Dave Made A Maze

Dave Made A Maze, and then someone made a movie about him making a maze, and now it’s on Shudder. Is it any god? Well… kinda. It’s certainly incredibly creative, artistically impressive and visually something else, I’ll give it that. It’s literally about a girl (Meera Rohit Kumbhani) who gets home one day to find that her boyfriend Dave (Nick Thune) has built a massive cardboard labyrinth in the middle of their living room, and subsequently gotten lost within it. How has he gotten lost, you may ask? Well I wasn’t exaggerating when I said the thing is massive; on the outside it looks like a ten by ten square foot art project that a cat could comfortably cavort about it, but the minute you go inside it becomes an endless maze of hallways, vicious booby traps and confusing tunnels. “It’s bigger than it looks from out there” he yells from inside, and warns her not to come in. Soon she invites a bunch of people over to see this thing including a few of his friends, a pesky documentary crew and a random homeless dude who she thinks is a maze expert (“I said I know *cardboard*” he informs her, clearing up the misunderstanding). Pretty soon all of them follow Dave into this thing and find themselves just as lost as he is, and eventually they start to get killed by the frequent booby traps. So what is this maze, how was Dave able to make it this way and what is the film trying to say? Well, that’s where it lost me a bit, because as visually creative and unbelievably gorgeous looking as this maze is, the tone of the film has this sort of… faux Wes Anderson-y, wannabe Michel Gondry-esque attitude that just started to irk me pretty quick, like a deliberate, forced ‘quaint n’ quirky’ vibe that the actors just aren’t able to sustain for more than a few minutes. What’s more, it attempts this sad millennial set of themes where Dave built this thing because he never was able to finish a project properly, he’s always working jobs he hates and he’s ‘still getting money from his parents at age 30’ when he’s got a perfectly cool little apartment and seems to have found the time to have built a giant magical maze. It’s just a whiny angle and not a good look for the film overall. Those frustrations aside I did really, really enjoy the artistic vision of the maze, it’s blessedly CGI-free and is a wonder of infinite cardboard panels, trippy swivelling walls and origami creatures that come to life and a big mean Minotaur that chases them around. The tone of the acting and attempted subtext may have exasperated me, but they should be very proud of the artistic achievements they’ve crafted onscreen, one could almost watch this with the sound off and be just as transported.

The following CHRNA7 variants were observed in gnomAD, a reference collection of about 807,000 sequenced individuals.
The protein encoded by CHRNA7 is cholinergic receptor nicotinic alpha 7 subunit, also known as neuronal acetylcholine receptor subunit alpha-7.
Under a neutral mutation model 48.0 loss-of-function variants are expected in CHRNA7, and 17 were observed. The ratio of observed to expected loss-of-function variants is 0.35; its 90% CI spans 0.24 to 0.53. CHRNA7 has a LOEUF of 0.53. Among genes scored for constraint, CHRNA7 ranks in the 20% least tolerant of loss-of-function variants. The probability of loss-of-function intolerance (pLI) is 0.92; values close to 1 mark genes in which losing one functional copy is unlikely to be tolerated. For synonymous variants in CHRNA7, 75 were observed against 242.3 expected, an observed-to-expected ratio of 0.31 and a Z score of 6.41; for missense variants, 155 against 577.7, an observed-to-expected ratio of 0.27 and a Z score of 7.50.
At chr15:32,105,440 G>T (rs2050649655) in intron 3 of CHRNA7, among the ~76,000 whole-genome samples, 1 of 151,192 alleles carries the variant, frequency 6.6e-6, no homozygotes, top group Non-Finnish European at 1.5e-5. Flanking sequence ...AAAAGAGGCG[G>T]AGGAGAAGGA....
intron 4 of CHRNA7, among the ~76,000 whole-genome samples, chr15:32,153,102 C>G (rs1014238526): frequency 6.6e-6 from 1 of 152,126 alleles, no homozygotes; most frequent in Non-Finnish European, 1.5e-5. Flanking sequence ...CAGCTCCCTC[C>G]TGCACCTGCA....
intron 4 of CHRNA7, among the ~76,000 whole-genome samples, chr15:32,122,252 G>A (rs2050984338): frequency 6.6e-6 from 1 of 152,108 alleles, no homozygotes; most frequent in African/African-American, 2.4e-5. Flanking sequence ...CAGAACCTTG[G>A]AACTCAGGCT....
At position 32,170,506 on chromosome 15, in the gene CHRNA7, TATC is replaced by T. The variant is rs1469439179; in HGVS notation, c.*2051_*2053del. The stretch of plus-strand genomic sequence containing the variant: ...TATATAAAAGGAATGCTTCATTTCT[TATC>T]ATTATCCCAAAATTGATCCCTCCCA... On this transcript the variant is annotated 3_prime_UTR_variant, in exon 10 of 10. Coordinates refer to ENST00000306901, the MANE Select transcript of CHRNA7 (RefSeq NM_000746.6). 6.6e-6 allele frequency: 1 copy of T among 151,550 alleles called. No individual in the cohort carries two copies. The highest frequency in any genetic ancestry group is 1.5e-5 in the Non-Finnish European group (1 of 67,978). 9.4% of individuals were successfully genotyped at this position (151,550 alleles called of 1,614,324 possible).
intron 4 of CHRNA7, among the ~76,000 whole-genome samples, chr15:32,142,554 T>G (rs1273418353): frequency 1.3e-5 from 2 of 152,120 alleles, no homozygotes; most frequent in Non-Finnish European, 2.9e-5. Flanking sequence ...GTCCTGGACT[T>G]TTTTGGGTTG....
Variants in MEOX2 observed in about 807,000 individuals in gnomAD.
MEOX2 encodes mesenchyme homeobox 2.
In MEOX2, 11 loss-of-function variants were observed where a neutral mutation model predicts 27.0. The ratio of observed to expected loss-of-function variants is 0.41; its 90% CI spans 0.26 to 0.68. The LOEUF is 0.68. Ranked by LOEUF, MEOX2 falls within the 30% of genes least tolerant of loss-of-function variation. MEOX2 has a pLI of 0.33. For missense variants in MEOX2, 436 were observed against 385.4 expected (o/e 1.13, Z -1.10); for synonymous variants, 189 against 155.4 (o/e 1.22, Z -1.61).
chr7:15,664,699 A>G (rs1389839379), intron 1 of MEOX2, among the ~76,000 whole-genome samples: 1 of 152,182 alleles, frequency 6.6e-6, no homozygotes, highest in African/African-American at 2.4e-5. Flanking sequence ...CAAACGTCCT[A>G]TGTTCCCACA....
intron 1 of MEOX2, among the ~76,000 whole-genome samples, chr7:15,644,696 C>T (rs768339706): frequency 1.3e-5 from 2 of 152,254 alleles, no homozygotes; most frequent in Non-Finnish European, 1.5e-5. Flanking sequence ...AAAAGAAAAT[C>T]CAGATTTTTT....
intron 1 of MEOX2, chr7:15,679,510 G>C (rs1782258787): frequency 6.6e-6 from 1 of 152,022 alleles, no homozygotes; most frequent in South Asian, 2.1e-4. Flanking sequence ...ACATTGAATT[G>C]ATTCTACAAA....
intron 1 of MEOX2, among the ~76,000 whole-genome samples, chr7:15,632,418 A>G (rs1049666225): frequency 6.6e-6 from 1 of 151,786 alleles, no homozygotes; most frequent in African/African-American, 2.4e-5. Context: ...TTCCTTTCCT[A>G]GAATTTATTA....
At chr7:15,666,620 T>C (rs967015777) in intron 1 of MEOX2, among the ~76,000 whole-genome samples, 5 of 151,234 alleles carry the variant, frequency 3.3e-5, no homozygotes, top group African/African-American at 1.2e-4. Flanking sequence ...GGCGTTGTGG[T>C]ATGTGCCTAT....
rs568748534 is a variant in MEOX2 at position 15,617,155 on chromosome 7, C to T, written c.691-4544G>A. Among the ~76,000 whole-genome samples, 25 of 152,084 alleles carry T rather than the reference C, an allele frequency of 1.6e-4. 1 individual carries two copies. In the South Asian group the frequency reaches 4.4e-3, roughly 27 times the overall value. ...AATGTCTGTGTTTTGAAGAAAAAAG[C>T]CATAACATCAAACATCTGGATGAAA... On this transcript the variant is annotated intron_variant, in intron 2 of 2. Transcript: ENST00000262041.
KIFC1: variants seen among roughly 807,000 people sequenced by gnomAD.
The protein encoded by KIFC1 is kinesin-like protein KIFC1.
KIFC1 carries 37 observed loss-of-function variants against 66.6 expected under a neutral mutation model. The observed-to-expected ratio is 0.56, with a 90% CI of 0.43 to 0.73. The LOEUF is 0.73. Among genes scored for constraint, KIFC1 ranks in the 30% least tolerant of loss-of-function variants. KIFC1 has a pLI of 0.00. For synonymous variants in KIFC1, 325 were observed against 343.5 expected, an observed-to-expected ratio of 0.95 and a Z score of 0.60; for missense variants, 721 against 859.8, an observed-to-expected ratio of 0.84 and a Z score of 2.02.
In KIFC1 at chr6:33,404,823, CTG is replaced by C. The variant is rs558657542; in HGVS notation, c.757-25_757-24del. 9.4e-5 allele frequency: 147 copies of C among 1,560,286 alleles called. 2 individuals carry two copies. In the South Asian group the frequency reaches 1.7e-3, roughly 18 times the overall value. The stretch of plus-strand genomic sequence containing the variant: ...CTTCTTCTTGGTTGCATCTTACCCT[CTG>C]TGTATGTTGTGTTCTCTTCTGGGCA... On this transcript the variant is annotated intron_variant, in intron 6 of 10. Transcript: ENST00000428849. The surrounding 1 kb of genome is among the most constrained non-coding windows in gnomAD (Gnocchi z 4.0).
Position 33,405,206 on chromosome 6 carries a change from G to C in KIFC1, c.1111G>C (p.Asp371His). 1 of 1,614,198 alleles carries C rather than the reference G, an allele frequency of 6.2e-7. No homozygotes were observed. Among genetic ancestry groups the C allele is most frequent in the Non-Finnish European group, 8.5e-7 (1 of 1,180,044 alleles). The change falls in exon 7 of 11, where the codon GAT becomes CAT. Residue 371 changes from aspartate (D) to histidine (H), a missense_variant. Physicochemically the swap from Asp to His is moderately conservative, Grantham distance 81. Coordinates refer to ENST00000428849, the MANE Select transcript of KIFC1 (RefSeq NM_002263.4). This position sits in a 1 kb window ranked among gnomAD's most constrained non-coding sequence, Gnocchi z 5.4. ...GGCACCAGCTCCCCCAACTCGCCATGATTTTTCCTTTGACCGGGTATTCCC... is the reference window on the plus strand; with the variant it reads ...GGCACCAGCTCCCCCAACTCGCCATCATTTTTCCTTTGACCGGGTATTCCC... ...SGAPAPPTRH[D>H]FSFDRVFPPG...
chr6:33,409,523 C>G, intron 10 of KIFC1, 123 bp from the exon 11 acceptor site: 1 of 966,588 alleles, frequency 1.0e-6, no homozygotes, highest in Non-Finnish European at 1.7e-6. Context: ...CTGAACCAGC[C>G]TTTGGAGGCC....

-Nate Hill